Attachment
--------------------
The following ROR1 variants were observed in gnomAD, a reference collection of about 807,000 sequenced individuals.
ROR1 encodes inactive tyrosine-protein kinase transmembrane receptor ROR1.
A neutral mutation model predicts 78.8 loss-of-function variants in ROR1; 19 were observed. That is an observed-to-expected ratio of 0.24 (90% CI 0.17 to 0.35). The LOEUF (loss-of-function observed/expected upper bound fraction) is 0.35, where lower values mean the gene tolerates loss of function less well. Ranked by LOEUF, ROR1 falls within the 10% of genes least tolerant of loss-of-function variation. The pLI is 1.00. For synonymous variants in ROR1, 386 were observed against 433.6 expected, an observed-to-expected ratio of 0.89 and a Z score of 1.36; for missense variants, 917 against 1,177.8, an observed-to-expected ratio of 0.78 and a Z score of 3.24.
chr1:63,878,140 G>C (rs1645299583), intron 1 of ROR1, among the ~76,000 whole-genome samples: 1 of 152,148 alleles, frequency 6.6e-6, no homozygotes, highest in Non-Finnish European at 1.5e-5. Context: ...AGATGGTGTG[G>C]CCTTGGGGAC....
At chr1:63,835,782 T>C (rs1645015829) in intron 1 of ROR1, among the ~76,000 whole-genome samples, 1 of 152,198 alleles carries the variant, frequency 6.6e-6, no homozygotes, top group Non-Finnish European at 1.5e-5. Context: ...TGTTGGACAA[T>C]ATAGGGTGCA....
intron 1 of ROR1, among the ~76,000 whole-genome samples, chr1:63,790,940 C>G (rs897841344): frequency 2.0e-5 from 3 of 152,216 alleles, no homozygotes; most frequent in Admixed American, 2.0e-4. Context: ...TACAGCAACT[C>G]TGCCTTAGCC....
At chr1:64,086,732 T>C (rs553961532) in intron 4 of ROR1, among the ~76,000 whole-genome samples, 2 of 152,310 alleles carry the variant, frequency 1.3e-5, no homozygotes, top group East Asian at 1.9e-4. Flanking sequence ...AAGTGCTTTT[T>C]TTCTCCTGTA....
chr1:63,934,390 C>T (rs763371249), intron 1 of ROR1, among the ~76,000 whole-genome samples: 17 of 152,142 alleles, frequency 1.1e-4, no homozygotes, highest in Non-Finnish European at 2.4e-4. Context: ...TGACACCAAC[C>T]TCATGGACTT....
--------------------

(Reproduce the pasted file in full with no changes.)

The following ROR1 variants were observed in gnomAD, a reference collection of about 807,000 sequenced individuals.
ROR1 encodes inactive tyrosine-protein kinase transmembrane receptor ROR1.
A neutral mutation model predicts 78.8 loss-of-function variants in ROR1; 19 were observed. That is an observed-to-expected ratio of 0.24 (90% CI 0.17 to 0.35). The LOEUF (loss-of-function observed/expected upper bound fraction) is 0.35, where lower values mean the gene tolerates loss of function less well. Ranked by LOEUF, ROR1 falls within the 10% of genes least tolerant of loss-of-function variation. The pLI is 1.00. For synonymous variants in ROR1, 386 were observed against 433.6 expected, an observed-to-expected ratio of 0.89 and a Z score of 1.36; for missense variants, 917 against 1,177.8, an observed-to-expected ratio of 0.78 and a Z score of 3.24.
chr1:63,878,140 G>C (rs1645299583), intron 1 of ROR1, among the ~76,000 whole-genome samples: 1 of 152,148 alleles, frequency 6.6e-6, no homozygotes, highest in Non-Finnish European at 1.5e-5. Context: ...AGATGGTGTG[G>C]CCTTGGGGAC....
At chr1:63,835,782 T>C (rs1645015829) in intron 1 of ROR1, among the ~76,000 whole-genome samples, 1 of 152,198 alleles carries the variant, frequency 6.6e-6, no homozygotes, top group Non-Finnish European at 1.5e-5. Context: ...TGTTGGACAA[T>C]ATAGGGTGCA....
intron 1 of ROR1, among the ~76,000 whole-genome samples, chr1:63,790,940 C>G (rs897841344): frequency 2.0e-5 from 3 of 152,216 alleles, no homozygotes; most frequent in Admixed American, 2.0e-4. Context: ...TACAGCAACT[C>G]TGCCTTAGCC....
At chr1:64,086,732 T>C (rs553961532) in intron 4 of ROR1, among the ~76,000 whole-genome samples, 2 of 152,310 alleles carry the variant, frequency 1.3e-5, no homozygotes, top group East Asian at 1.9e-4. Flanking sequence ...AAGTGCTTTT[T>C]TTCTCCTGTA....
chr1:63,934,390 C>T (rs763371249), intron 1 of ROR1, among the ~76,000 whole-genome samples: 17 of 152,142 alleles, frequency 1.1e-4, no homozygotes, highest in Non-Finnish European at 2.4e-4. Context: ...TGACACCAAC[C>T]TCATGGACTT....